After a Voice investigation earlier this month showed that energy retailers regularly bilk unsuspecting New Yorkers, state regulators took major steps on Tuesday to restrict the private utility companies’ activities in New York State.
Announced at a regular meeting of the Public Service Commission in Tribeca, the dramatic reform efforts could rein in the most serious abusers of the state’s regulatory loopholes. Energy services companies, commonly known as ESCOs, were created in the late 1990s amid a national wave of deregulation, with a simple goal in mind: to drive down prices. However, as we documented in our story earlier this month, ESCOs routinely overcharge customers, and critics say many of them frequently target elderly and non-fluent English speakers with predatory contracts. The state attorney general and numerous other watchdogs have described “widespread” abuses in the industry for years, but thus far, the PSC has done little to effectively curb those practices.
The commission’s order demands a virtually complete overhaul of the industry. In comments from the dais, the commission’s chair, Audrey Zibelman, an appointee of Governor Andrew Cuomo, acknowledged that the lax approach the commission had previously taken toward enforcement had failed.
“We may have been too tolerant,” Zibelman said. “We may have allowed people to say, ‘Oh, I’m really, really sorry. I promise I won’t do it again.’ And we let them go on. But we can’t do that anymore.”
Though a final draft is not yet available, commission staff outlined its basic terms:
Cuomo released a statement on the PSC’s action shortly after the commission’s meeting, calling it a strong move toward cleaning up a troubled industry.
“We have zero tolerance for these unscrupulous companies, whose business model is to prey on ratepayers with promises of lower energy costs only to deliver skyrocketing bills,” Cuomo said. “These actions will root out these bad actors and protect New Yorkers from these unfair and dishonest tactics.”
Richard Berkeley, director of New York’s Public Utility Law Project, a consumer advocacy group often critical of PSC’s oversight of ESCOs, said the action today seemed to represent a “new tone” at the commission.
“I think this is a very important step forward,” Berkeley said. “And we hope that this is just the first step in continued efforts to clean up this marketplace.”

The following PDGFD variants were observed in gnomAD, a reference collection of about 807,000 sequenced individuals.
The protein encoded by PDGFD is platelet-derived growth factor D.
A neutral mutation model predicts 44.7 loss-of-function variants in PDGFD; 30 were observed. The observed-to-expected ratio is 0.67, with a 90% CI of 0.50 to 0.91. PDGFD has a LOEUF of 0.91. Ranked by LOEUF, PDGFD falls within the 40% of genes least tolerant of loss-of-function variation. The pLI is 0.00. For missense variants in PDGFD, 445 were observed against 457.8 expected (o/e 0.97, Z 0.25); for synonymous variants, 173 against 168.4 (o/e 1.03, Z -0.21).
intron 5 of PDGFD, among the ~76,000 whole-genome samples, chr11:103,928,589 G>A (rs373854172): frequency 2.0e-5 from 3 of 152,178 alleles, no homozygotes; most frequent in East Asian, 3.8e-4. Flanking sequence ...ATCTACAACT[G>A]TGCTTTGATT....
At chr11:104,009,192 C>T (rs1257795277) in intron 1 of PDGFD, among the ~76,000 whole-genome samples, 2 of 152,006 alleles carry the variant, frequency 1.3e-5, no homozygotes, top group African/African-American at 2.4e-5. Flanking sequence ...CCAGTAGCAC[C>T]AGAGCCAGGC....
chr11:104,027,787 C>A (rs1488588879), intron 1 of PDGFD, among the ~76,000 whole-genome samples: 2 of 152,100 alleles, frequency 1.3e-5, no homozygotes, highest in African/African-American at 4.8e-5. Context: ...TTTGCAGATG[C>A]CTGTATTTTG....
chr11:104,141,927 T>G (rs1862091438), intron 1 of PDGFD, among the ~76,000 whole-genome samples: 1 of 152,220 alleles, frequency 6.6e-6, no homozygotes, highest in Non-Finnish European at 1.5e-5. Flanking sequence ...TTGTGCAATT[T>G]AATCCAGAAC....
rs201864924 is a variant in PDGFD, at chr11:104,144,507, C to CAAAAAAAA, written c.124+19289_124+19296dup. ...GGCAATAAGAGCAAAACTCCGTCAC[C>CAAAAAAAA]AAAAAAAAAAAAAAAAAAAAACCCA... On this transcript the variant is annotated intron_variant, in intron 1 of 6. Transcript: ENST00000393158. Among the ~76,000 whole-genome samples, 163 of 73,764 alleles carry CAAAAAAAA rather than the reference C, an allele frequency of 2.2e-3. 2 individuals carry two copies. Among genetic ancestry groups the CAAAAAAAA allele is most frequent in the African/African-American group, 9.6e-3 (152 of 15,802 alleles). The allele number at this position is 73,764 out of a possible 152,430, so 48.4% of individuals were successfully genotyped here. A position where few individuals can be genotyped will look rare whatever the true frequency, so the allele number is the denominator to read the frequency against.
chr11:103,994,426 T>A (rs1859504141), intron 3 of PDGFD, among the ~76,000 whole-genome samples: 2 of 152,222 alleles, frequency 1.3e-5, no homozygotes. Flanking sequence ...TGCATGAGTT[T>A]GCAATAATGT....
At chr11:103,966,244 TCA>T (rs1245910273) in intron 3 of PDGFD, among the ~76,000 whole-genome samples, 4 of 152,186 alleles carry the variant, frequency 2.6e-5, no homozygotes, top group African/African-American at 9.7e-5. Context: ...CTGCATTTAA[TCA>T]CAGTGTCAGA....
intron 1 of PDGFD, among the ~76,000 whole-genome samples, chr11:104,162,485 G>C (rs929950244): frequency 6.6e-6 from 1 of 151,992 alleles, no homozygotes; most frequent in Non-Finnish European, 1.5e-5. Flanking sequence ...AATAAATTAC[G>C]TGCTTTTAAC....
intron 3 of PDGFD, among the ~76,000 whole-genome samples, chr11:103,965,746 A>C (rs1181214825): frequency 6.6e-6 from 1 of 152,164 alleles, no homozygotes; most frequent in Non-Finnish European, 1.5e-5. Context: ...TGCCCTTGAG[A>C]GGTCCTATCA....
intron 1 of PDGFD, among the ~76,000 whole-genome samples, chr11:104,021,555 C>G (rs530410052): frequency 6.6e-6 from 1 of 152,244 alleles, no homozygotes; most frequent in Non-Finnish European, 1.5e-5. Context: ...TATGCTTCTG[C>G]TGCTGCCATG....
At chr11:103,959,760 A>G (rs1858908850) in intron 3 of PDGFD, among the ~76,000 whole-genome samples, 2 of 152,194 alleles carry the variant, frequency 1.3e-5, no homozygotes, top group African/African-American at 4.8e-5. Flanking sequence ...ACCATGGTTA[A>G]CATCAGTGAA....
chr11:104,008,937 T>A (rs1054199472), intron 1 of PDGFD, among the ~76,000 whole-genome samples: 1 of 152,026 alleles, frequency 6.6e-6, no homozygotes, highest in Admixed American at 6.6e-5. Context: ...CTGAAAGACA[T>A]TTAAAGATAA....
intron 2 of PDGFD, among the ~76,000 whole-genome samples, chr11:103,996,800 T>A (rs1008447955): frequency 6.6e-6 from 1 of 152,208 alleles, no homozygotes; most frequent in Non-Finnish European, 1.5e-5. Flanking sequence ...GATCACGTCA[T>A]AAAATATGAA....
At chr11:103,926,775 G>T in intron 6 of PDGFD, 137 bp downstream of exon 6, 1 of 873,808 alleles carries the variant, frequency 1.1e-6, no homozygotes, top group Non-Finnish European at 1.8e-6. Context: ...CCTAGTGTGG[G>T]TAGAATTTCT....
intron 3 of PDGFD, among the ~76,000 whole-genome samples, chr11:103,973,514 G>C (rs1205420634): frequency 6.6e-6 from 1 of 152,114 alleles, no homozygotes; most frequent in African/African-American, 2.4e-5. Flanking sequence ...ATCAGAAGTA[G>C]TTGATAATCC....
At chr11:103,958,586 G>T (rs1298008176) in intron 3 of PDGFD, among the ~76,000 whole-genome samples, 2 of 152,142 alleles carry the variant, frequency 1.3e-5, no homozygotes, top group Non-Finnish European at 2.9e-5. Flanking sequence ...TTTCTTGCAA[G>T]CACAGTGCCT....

The order doesn’t necessarily solve the problem with the industry, however.
The idea for opening the energy industry and inviting in new private players was always that introducing competition into a calcified industry would save consumers money. But that has not been the case so far. Federal and state data shows clearly that residential customers who sign up with ESCOs pay more, on average, than those who stay with their utilities. Berkeley said his organization would continue to push their view that ESCOs are not good for residential customers, period.
The PSC’s move comes after a number of elected officials in New York City and in the assembly told the Voice that they would be pushing for ESCO reforms along other avenues. In an interview last week, Public Advocate Tish James called the abuses some ESCOs engage in, and the victimization of low-income communities, immigrant communities, and the elderly, a “human rights” issue, saying she would push for even tighter sanctions at the PSC and potential legal actions against bad actors in the marketplace. Brooklyn Borough President Eric Adams said he too would be considering local action and was pushing state representatives for reforms.
State Senator Michael Gianaris, along with Assembly Members Jeffrey Dinowitz, and Amy Paulin told the Voice in recent days that they would be looking at new legislation to address ESCO abuses. (Paulin said she was considering holding hearings later in the session.)
During today’s meeting, Zibelman reiterated her support generally for the ESCO experiment but said something needed to be done.
“While I know this is disruptive, and I know that many of us would like to see the markets grow, we’d like to see the markets blossom,” Zibelman said, “sometimes you have to be a little bit disruptive.”
Correction: An earlier version of this article identified Michael Gianaris as an Assembly Member.